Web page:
It was also mentioned in the article that Mrs. Charles H. Burhans, the wealthiest lady in Warrensburgh, was an outstanding golfer at the Queens Village Golf Club. Colonel Benjamin Peck Burhans, Eva’s husband’s grandfather, was the pioneer who brought prosperity to Warrensburgh when he moved to town with his tanning business from Ulster County in 1836. The Colonel later built a magnificent stone mansion on the hill behind today’s Town Hall for his son, Frederick O. Burhans which later became the home of Fred’s son, Charles Burhans and family. Charles Burhans died in 1946. The mansion was torn down in the early 1960s, and those who respect history and architecture have mourned the loss of this landmark ever since.
In the Quarterly’s golf course article it was mentioned that in 1931 a caddie’s tournament was held at the club. One of those caddies was my late husband, Mervin R. Hadden who was 14 at the time. He used to tell me stories about those long, hot, boring days on the course carrying heavy golf bags for the town’s elite. His closest buddy, Beecher “Beanie” Hewitt, labored along beside him.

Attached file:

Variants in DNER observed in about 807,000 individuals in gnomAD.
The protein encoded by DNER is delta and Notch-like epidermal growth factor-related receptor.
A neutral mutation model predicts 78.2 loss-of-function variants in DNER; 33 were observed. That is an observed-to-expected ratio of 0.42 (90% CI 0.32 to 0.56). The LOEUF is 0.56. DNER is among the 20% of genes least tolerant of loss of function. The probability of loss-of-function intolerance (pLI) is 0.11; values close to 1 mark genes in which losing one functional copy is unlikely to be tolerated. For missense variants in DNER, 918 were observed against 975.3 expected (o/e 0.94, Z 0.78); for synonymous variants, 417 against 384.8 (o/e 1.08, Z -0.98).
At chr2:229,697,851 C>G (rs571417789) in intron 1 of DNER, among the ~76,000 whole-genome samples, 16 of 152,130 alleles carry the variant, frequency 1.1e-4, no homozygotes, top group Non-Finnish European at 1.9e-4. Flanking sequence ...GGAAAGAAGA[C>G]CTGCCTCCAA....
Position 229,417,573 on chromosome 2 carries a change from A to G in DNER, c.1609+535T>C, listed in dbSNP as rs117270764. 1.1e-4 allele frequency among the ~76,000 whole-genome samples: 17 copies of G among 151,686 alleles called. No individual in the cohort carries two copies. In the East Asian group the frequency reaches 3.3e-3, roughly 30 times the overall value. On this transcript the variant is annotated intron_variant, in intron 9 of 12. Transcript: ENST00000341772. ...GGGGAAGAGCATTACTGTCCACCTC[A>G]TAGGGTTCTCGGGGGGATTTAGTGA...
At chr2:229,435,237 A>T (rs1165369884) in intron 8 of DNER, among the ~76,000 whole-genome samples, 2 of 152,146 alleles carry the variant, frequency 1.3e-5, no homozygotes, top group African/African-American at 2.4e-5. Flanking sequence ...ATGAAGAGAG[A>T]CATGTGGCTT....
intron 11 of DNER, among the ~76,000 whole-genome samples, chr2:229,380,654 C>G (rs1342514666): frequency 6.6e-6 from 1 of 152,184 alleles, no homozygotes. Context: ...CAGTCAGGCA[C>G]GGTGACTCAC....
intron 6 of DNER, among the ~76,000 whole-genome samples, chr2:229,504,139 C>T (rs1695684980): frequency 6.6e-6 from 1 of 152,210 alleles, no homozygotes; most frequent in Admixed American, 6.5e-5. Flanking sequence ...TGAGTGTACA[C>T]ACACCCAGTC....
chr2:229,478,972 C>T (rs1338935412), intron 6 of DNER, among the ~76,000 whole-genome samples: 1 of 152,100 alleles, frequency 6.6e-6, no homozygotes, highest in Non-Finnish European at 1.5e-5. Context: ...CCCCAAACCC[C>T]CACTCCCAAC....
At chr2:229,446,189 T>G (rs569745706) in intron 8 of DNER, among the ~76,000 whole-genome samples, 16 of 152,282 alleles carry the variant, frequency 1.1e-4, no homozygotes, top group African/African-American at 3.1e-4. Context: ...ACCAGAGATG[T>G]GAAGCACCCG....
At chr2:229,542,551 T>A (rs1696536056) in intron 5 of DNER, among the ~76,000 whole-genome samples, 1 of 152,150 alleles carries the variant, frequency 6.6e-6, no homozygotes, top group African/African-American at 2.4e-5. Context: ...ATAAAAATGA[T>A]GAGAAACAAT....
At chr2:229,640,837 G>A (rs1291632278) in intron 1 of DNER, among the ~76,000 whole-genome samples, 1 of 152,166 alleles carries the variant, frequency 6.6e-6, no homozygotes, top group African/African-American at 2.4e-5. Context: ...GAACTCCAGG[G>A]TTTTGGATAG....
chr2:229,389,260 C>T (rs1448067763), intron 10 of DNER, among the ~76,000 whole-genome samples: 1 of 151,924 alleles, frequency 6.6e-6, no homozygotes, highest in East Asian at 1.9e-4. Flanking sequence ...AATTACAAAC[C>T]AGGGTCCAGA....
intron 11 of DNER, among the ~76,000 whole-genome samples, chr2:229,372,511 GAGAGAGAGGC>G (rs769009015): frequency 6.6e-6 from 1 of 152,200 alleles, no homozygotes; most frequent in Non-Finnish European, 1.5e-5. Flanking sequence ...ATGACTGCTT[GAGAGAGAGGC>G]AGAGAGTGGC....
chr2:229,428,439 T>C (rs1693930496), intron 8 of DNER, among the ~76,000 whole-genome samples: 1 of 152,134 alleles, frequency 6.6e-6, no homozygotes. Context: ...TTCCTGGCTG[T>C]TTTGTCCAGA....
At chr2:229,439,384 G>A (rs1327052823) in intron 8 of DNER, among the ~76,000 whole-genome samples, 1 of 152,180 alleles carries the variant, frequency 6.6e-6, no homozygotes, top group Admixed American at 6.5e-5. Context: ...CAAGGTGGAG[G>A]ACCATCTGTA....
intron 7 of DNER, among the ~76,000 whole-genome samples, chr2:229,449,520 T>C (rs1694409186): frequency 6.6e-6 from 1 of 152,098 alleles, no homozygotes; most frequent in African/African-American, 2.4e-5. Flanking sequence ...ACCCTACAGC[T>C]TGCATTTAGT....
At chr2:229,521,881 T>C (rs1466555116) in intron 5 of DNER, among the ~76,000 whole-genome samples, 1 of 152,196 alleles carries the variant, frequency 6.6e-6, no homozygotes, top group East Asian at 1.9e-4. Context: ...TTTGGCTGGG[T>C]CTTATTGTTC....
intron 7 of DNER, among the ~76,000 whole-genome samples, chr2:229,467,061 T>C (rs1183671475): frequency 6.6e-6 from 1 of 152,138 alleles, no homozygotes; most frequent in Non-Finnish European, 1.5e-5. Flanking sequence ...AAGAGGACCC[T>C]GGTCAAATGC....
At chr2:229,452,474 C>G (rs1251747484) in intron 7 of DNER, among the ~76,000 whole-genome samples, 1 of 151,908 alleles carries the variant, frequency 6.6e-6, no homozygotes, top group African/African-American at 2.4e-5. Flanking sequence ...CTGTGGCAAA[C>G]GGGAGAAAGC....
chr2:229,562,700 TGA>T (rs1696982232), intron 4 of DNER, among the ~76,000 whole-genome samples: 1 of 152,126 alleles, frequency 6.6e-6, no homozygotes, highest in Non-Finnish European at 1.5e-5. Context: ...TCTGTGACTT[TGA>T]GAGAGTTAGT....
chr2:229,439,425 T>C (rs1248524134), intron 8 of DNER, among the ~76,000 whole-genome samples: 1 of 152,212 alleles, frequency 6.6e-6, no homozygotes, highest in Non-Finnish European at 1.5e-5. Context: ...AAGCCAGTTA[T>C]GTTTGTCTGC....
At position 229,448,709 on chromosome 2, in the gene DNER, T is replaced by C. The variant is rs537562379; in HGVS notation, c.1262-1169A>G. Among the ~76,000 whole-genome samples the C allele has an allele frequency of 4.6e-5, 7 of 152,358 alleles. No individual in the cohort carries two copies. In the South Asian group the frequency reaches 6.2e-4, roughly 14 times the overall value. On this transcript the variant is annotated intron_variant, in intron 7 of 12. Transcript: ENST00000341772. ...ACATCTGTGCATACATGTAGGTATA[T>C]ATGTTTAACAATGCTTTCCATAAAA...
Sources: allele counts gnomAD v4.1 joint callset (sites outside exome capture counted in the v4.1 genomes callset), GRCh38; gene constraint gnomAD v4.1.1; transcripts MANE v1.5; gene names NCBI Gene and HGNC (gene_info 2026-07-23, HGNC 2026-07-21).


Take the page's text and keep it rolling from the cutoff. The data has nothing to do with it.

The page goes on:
One trying day, Beanie was caddy for Eva Burhans and dutifully carried her golf bag around the course all one afternoon. Back at the club house when it was time to pay the boy for his labors, Mrs. Burhans searched through her pockets and finding no coin to give him but only a stick of gum, dropped the gum in his hand saying, “There…that should be good enough for you!” and walked away.
Lionel Ross won that caddie’s tournament in 1931 at the golf club and later he went on to become Assistant Professional there. Merv Hadden, possibly remembering that stick of gum, shot for bigger goals in his life and went into the automobile business here and did very well for 47 years. Born on River Street, he died in 1994 and is buried in the town where he told me nearly every Monday morning for the entire 35 years of our marriage that he was going to move away from. Nothing on earth would have ever have gotten Merv Hadden to leave Warrensburgh. That makes two of us.
Readers are welcome to contact Adirondack Journal correspondent Jean Hadden at: firstname.lastname@example.org or 623-2210.